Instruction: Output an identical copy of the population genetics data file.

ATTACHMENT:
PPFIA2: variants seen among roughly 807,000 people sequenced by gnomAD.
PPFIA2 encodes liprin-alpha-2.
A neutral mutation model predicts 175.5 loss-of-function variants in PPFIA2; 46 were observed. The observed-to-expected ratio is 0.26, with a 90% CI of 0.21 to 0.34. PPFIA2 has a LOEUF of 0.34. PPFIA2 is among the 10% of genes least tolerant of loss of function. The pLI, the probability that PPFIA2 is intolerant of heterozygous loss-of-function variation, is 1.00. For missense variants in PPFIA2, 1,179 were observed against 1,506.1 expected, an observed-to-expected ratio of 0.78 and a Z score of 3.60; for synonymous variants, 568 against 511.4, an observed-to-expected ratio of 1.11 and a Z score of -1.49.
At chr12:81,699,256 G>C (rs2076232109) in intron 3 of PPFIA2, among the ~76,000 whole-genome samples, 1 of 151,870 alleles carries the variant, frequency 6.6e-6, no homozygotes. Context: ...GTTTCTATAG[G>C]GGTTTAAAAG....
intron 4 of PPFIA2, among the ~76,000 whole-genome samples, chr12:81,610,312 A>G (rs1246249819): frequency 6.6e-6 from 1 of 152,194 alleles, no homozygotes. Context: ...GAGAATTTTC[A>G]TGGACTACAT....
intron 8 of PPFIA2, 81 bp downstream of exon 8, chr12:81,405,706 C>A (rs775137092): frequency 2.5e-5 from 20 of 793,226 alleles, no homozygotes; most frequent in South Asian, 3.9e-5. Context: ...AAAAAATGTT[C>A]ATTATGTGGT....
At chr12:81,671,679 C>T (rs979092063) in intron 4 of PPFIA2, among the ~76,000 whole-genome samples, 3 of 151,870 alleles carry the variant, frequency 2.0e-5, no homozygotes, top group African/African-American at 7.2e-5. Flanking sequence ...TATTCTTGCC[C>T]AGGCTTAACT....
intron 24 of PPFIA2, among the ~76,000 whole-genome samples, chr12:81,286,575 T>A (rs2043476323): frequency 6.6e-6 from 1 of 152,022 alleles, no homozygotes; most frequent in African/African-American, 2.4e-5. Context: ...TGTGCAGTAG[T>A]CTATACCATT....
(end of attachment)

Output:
PPFIA2: variants seen among roughly 807,000 people sequenced by gnomAD.
PPFIA2 encodes liprin-alpha-2.
A neutral mutation model predicts 175.5 loss-of-function variants in PPFIA2; 46 were observed. The observed-to-expected ratio is 0.26, with a 90% CI of 0.21 to 0.34. PPFIA2 has a LOEUF of 0.34. PPFIA2 is among the 10% of genes least tolerant of loss of function. The pLI, the probability that PPFIA2 is intolerant of heterozygous loss-of-function variation, is 1.00. For missense variants in PPFIA2, 1,179 were observed against 1,506.1 expected, an observed-to-expected ratio of 0.78 and a Z score of 3.60; for synonymous variants, 568 against 511.4, an observed-to-expected ratio of 1.11 and a Z score of -1.49.
At chr12:81,699,256 G>C (rs2076232109) in intron 3 of PPFIA2, among the ~76,000 whole-genome samples, 1 of 151,870 alleles carries the variant, frequency 6.6e-6, no homozygotes. Context: ...GTTTCTATAG[G>C]GGTTTAAAAG....
intron 4 of PPFIA2, among the ~76,000 whole-genome samples, chr12:81,610,312 A>G (rs1246249819): frequency 6.6e-6 from 1 of 152,194 alleles, no homozygotes. Context: ...GAGAATTTTC[A>G]TGGACTACAT....
intron 8 of PPFIA2, 81 bp downstream of exon 8, chr12:81,405,706 C>A (rs775137092): frequency 2.5e-5 from 20 of 793,226 alleles, no homozygotes; most frequent in South Asian, 3.9e-5. Context: ...AAAAAATGTT[C>A]ATTATGTGGT....
At chr12:81,671,679 C>T (rs979092063) in intron 4 of PPFIA2, among the ~76,000 whole-genome samples, 3 of 151,870 alleles carry the variant, frequency 2.0e-5, no homozygotes, top group African/African-American at 7.2e-5. Flanking sequence ...TATTCTTGCC[C>T]AGGCTTAACT....
intron 24 of PPFIA2, among the ~76,000 whole-genome samples, chr12:81,286,575 T>A (rs2043476323): frequency 6.6e-6 from 1 of 152,022 alleles, no homozygotes; most frequent in African/African-American, 2.4e-5. Context: ...TGTGCAGTAG[T>A]CTATACCATT....